Great Science Share brings science investigations into homes
Tens of thousands of young people, parents, teachers and carers are participating in a mass programme of scientific discovery and communication across the UK while access to schools is limited.
This year’s Great Science Share for Schools (GSSfS) campaign has registered over 45,000 young people during the UK’s COVID-19 lockdown to share their scientific questions and home investigations on things they’re curious about.
The national campaign designed and led by The University of Manchester to inspire 5-14 year olds from across the UK and overseas to share the science that they’re most interested in with new audiences. This year’s campaign has seen registrations double since the COVID-19 lockdown began in the UK.
A swift move to take the campaign fully on-line has seen weekly themes linked to Global Sustainability Development Goals and celebratory days – such as International Dawn Chorus Day, World Ocean’s Day and the Royal Astronomical Society’s 200th Birthday. Each week inspirational live science lessons and activities have encouraged question asking and sharing via social media. The response has kept Twitter alive with posts that are now shared on the Great Science Showcase Blogs.
You can really feel the enthusiasm that people are showing in getting involved with the Great Science Share which has enabled thousands of disadvantaged young people to engage in hands-on and minds-on science learning wherever they are. The involvement of families this year is a real bonus.
52% of registrations for GSSfS come from teachers or parents engaging young people from areas with the highest social disadvantage in the country. This is helping to narrow the opportunity gap in traditional learning and participation being experienced currently across much of the world. A recent Sutton Trust report states that 23% of pupils are reported to be taking part in live and recorded curriculum-led lessons online every day. However, pupils from middle class homes are much more likely to do so (30%), compared to working class pupils (16%).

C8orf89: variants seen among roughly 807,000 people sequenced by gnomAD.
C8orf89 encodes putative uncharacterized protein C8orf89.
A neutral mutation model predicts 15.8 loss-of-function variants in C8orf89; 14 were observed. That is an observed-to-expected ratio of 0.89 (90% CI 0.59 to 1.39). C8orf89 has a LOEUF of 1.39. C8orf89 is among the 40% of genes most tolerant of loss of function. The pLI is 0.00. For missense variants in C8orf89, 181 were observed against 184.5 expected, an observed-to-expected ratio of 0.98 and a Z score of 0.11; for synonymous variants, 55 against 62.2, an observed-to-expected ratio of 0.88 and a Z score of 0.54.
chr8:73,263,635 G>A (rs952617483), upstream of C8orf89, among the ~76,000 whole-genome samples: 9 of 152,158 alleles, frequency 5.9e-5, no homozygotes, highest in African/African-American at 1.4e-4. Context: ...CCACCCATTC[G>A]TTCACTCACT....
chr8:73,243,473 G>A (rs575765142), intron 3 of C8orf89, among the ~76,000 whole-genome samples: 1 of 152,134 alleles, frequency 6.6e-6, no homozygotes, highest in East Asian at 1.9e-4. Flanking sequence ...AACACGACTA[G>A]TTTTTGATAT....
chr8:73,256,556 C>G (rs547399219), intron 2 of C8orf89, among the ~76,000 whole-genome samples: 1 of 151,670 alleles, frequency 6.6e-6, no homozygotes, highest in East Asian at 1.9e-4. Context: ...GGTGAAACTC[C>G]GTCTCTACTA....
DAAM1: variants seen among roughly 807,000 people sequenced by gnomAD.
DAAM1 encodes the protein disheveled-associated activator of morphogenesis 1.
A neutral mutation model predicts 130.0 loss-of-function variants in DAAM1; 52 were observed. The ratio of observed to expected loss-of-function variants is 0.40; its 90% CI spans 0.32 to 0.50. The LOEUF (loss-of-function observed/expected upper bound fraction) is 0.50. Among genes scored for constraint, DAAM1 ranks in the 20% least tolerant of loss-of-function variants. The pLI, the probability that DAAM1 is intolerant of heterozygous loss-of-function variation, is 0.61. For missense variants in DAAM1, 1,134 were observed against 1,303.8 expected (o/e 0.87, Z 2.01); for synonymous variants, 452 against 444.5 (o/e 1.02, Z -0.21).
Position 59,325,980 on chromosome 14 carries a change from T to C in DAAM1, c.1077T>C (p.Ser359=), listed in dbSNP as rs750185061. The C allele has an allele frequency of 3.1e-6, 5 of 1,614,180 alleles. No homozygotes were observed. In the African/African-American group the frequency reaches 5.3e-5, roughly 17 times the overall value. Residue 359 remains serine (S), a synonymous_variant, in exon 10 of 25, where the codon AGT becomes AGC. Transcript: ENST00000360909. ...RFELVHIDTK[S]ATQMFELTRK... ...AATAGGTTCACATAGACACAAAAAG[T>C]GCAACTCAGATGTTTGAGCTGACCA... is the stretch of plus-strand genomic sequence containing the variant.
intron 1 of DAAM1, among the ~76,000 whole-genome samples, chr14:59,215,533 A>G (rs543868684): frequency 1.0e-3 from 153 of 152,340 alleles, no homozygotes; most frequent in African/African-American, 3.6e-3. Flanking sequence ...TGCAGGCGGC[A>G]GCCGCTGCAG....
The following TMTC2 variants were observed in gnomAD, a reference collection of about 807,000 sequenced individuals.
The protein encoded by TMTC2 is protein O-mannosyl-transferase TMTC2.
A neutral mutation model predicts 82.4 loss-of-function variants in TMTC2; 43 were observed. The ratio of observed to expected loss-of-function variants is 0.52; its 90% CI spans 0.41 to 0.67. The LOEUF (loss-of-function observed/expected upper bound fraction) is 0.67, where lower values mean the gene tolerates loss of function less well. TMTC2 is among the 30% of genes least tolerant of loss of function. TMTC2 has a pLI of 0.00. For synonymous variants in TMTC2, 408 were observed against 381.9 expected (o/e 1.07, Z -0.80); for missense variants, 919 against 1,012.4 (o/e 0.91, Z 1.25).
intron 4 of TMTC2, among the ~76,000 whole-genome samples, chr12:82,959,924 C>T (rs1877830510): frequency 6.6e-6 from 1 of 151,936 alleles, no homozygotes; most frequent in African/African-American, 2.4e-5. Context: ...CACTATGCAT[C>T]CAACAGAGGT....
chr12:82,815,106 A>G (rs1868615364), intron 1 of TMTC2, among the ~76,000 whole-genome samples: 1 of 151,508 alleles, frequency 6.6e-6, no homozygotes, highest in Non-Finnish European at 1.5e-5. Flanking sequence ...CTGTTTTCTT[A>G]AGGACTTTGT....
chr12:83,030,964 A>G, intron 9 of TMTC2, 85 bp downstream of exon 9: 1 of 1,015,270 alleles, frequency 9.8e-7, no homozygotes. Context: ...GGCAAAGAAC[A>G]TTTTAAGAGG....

Dr Lynne Bianchi, Director of SEERIH (Science & Engineering Education Research and Innovation Hub) said: “You can really feel the enthusiasm that people are showing in getting involved with the Great Science Share which has enabled thousands of disadvantaged young people to engage in hands-on and minds-on science learning wherever they are. The involvement of families this year is a real bonus. ”
The annual award-winning event has attracted major industry partners keen on encouraging the next generation of science and engineering superstars.
Dr Geoff Mackey, BASF Corporate Affairs & Sustainability Director, says: “To create a strong, bright future we have to encourage young people to be full of questions, creativity and innovative thought, the Great Science Share for Schools is a fantastic example of an evolving and growing initiative which encourages this on a massive scale.
“Currently, when school age children aren’t having the same access to their schools and teachers as they’re used to, this event shows the appetite for new ways of collaborative scientific learning and thinking.”
We have always believed in the Great Science Share for Schools. For all our futures we have to collaborate and invest in these types of outreach initiatives. We are proud to be working closely with The University of Manchester and the other partners on this year’s GSS campaign, which we expect will be better than ever.”
Dr Bianchi acknowledges the support that the STEM sector has offered and wishes to thank everyone for sharing science in creative and meaningful ways. The key values of the campaign being child-focused, collaboration, inclusive and non-competitive are palatable in this year’s campaign, which is open for registrations and involvement over the summer months.
The 2020 campaign sponsors are: The University of Manchester, BASF, Manchester City Council, Siemens, Zen Educate, Association for Science Education and Practical Action.